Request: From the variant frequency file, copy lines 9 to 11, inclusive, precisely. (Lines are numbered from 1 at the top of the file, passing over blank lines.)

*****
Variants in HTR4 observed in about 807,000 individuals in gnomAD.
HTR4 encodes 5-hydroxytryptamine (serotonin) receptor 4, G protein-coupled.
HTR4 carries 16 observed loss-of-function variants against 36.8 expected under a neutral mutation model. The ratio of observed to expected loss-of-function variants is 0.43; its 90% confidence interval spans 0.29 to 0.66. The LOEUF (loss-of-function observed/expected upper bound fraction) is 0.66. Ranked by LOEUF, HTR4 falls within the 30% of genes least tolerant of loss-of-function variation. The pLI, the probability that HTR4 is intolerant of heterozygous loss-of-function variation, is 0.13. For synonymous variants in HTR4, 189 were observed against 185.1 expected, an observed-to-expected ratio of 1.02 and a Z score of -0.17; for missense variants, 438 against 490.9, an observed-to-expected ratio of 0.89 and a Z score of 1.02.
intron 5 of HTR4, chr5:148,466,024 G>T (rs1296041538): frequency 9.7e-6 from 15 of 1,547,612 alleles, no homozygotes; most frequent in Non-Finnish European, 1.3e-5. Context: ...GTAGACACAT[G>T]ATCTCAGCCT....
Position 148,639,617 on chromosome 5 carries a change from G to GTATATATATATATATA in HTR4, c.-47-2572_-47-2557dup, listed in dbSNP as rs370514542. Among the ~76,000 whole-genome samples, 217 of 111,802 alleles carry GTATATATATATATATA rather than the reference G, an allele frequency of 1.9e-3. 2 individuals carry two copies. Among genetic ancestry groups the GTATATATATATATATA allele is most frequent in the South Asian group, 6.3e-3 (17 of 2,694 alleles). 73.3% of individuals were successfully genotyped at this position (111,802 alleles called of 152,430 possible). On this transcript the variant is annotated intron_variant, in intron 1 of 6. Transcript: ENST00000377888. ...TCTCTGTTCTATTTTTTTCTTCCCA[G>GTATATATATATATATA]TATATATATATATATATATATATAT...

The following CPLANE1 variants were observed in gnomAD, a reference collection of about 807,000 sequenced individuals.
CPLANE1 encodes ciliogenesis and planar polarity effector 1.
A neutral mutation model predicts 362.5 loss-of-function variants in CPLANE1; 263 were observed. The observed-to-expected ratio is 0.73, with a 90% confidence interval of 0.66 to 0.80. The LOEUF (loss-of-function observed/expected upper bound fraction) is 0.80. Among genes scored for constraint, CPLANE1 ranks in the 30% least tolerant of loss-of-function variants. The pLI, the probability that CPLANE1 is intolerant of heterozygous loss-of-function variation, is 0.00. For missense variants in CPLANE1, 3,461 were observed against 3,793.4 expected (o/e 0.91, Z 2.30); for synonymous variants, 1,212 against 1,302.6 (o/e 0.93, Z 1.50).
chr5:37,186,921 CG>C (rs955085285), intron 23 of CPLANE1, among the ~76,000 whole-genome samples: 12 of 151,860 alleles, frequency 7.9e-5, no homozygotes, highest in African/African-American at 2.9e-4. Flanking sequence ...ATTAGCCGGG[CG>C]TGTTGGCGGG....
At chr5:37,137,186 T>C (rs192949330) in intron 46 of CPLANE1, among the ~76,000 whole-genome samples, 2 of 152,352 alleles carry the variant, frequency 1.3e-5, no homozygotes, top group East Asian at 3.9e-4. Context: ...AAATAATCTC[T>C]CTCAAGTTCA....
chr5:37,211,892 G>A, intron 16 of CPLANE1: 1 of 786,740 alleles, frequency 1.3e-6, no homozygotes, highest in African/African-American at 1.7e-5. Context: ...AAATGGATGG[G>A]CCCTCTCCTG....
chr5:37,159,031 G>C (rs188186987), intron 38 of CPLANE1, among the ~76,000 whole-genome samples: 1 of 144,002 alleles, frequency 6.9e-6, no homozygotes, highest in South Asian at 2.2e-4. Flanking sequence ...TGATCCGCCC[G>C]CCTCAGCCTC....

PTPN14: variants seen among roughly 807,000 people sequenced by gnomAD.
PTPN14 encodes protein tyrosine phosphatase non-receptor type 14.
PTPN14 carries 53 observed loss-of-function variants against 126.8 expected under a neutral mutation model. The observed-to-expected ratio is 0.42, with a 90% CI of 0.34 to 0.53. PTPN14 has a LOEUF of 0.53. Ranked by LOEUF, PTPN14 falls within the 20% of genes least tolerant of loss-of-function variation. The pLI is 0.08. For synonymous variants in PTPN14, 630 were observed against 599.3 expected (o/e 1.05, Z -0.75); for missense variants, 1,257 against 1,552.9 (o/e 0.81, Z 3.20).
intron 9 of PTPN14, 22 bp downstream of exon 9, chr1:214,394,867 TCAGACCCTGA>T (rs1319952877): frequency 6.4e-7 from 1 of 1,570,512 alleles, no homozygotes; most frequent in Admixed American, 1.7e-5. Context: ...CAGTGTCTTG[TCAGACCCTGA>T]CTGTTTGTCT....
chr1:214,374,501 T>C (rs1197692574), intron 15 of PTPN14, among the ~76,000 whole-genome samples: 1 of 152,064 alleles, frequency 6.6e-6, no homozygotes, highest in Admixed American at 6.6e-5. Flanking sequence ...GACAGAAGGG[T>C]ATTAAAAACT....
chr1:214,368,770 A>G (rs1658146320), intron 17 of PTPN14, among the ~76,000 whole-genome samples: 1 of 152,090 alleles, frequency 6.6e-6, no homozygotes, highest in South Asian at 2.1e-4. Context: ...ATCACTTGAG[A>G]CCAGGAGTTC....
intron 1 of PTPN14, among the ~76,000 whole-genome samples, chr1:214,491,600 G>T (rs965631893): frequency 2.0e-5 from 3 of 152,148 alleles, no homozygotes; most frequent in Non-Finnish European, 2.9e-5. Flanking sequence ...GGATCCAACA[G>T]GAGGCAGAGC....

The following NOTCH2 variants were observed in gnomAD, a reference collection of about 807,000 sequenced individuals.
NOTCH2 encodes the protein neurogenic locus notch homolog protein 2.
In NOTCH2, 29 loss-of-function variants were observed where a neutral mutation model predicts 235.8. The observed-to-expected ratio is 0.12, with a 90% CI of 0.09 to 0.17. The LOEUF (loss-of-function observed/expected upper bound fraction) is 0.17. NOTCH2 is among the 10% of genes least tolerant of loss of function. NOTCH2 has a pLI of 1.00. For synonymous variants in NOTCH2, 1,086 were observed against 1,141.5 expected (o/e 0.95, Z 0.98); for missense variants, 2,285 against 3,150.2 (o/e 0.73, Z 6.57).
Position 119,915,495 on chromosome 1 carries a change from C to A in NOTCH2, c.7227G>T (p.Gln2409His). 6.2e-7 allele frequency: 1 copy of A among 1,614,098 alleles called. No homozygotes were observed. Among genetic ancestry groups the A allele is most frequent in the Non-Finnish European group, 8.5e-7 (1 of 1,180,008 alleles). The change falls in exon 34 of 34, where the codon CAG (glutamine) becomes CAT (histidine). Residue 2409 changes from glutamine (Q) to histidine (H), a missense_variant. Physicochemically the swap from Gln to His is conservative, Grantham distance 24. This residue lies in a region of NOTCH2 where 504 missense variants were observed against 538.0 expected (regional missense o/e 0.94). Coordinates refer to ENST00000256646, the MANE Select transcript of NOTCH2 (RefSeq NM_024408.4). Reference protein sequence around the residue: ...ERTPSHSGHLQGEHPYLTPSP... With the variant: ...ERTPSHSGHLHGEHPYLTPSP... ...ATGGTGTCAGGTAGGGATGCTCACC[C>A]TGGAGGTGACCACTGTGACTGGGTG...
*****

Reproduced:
chr5:37,186,921 CG>C (rs955085285), intron 23 of CPLANE1, among the ~76,000 whole-genome samples: 12 of 151,860 alleles, frequency 7.9e-5, no homozygotes, highest in African/African-American at 2.9e-4. Flanking sequence ...ATTAGCCGGG[CG>C]TGTTGGCGGG....
At chr5:37,137,186 T>C (rs192949330) in intron 46 of CPLANE1, among the ~76,000 whole-genome samples, 2 of 152,352 alleles carry the variant, frequency 1.3e-5, no homozygotes, top group East Asian at 3.9e-4. Context: ...AAATAATCTC[T>C]CTCAAGTTCA....
chr5:37,211,892 G>A, intron 16 of CPLANE1: 1 of 786,740 alleles, frequency 1.3e-6, no homozygotes, highest in African/African-American at 1.7e-5. Context: ...AAATGGATGG[G>A]CCCTCTCCTG....